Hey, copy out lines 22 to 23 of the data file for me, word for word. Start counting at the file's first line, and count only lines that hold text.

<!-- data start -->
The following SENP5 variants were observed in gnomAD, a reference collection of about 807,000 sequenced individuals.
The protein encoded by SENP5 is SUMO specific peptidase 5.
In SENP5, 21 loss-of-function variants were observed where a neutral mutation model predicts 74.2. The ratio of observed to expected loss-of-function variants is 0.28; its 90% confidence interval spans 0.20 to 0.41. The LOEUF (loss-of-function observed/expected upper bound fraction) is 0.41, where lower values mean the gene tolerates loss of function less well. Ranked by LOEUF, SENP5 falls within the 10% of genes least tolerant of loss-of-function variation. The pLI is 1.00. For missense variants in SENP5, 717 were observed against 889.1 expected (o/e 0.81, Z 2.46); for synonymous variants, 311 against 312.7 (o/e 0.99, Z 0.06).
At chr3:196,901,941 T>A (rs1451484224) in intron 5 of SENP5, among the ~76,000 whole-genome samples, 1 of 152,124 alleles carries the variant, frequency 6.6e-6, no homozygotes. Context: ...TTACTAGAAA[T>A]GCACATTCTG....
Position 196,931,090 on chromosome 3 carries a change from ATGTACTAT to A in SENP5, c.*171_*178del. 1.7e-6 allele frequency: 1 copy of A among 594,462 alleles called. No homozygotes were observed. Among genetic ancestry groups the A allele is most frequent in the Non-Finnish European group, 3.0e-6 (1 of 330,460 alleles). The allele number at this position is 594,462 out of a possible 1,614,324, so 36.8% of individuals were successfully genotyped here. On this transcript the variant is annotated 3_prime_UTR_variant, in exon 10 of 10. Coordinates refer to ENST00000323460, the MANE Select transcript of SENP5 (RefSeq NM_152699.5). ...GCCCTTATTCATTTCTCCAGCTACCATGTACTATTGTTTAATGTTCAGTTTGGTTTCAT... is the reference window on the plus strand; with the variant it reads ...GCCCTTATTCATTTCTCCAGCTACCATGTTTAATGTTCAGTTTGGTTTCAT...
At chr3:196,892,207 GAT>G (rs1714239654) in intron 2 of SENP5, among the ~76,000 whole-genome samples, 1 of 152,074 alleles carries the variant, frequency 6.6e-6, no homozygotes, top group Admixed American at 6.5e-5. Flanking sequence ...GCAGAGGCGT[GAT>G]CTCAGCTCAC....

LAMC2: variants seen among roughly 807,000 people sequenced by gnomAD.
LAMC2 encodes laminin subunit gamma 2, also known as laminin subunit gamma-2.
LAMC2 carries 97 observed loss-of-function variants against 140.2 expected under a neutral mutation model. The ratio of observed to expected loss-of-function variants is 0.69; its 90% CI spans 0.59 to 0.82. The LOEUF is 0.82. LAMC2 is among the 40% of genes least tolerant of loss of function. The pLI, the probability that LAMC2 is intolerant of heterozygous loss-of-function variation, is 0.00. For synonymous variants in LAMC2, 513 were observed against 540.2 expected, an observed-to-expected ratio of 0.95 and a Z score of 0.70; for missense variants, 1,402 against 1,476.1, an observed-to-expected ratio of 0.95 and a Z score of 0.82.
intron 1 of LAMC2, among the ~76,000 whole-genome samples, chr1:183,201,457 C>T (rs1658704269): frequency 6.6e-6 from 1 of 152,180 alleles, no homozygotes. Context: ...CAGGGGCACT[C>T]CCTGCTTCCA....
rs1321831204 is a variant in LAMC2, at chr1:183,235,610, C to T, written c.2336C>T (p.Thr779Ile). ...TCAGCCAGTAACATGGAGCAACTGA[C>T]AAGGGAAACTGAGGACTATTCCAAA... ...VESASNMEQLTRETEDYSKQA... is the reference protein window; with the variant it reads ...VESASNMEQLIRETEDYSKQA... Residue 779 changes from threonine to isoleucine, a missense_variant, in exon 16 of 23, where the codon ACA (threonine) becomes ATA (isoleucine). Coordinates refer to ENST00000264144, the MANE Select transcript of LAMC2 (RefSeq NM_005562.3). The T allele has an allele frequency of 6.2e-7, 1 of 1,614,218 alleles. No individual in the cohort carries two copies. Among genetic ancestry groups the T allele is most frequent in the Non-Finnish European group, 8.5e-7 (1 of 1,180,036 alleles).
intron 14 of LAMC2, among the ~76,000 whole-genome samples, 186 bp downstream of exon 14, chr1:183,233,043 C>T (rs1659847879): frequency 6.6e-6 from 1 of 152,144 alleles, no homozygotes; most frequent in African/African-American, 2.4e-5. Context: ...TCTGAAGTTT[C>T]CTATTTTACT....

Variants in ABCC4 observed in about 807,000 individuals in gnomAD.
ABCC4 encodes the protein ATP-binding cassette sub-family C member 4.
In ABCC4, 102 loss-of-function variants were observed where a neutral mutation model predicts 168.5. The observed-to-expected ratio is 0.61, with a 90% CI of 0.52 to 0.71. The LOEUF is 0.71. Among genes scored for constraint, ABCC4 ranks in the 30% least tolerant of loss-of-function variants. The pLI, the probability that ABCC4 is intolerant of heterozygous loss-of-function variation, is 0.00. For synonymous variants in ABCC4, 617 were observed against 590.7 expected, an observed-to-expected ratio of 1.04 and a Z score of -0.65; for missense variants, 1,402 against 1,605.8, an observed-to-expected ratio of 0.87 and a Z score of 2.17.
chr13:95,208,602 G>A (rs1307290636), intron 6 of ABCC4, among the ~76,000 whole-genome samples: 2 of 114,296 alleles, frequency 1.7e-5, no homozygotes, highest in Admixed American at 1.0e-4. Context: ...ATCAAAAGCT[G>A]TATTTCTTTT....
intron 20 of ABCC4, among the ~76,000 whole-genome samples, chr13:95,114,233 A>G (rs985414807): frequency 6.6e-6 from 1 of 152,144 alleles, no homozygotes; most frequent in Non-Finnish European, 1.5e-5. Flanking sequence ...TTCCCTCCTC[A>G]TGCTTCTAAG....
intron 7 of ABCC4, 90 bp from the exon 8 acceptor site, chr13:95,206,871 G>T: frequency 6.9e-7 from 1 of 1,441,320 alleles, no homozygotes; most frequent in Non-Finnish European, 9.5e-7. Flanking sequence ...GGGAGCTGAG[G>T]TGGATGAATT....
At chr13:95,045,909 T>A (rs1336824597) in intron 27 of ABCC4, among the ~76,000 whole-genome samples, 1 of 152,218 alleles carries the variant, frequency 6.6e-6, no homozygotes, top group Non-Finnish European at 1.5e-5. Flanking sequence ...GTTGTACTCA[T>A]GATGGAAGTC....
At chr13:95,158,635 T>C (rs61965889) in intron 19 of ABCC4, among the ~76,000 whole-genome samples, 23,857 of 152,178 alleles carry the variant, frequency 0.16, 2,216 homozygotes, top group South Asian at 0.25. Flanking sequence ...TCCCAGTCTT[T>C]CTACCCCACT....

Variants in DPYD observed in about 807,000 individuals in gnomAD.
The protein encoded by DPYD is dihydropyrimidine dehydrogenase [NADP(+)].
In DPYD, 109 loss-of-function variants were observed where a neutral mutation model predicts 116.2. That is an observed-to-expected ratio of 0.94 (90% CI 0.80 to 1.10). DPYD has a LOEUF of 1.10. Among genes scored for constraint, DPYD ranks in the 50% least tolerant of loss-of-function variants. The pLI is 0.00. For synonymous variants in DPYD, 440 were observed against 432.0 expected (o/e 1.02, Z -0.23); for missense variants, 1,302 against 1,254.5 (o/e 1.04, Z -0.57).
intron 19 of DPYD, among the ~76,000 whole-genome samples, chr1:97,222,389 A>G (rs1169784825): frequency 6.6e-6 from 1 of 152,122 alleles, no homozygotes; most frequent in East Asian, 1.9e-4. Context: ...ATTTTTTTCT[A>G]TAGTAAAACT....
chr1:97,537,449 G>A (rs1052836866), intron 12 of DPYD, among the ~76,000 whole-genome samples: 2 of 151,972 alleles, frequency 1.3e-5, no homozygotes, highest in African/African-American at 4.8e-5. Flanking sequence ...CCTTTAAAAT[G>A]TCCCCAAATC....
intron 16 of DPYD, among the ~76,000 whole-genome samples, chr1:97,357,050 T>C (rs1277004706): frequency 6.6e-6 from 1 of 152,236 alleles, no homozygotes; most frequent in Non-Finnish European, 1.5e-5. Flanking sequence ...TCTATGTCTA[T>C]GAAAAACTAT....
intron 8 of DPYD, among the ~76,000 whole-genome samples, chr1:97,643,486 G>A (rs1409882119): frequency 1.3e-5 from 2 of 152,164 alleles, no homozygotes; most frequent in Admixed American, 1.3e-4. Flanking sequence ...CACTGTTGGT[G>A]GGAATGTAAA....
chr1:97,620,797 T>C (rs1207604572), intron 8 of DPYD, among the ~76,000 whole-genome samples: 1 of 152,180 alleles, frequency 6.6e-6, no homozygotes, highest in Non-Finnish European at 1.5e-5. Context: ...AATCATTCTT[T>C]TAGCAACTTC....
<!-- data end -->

The protein encoded by DPYD is dihydropyrimidine dehydrogenase [NADP(+)].
In DPYD, 109 loss-of-function variants were observed where a neutral mutation model predicts 116.2. That is an observed-to-expected ratio of 0.94 (90% CI 0.80 to 1.10). DPYD has a LOEUF of 1.10. Among genes scored for constraint, DPYD ranks in the 50% least tolerant of loss-of-function variants. The pLI is 0.00. For synonymous variants in DPYD, 440 were observed against 432.0 expected (o/e 1.02, Z -0.23); for missense variants, 1,302 against 1,254.5 (o/e 1.04, Z -0.57).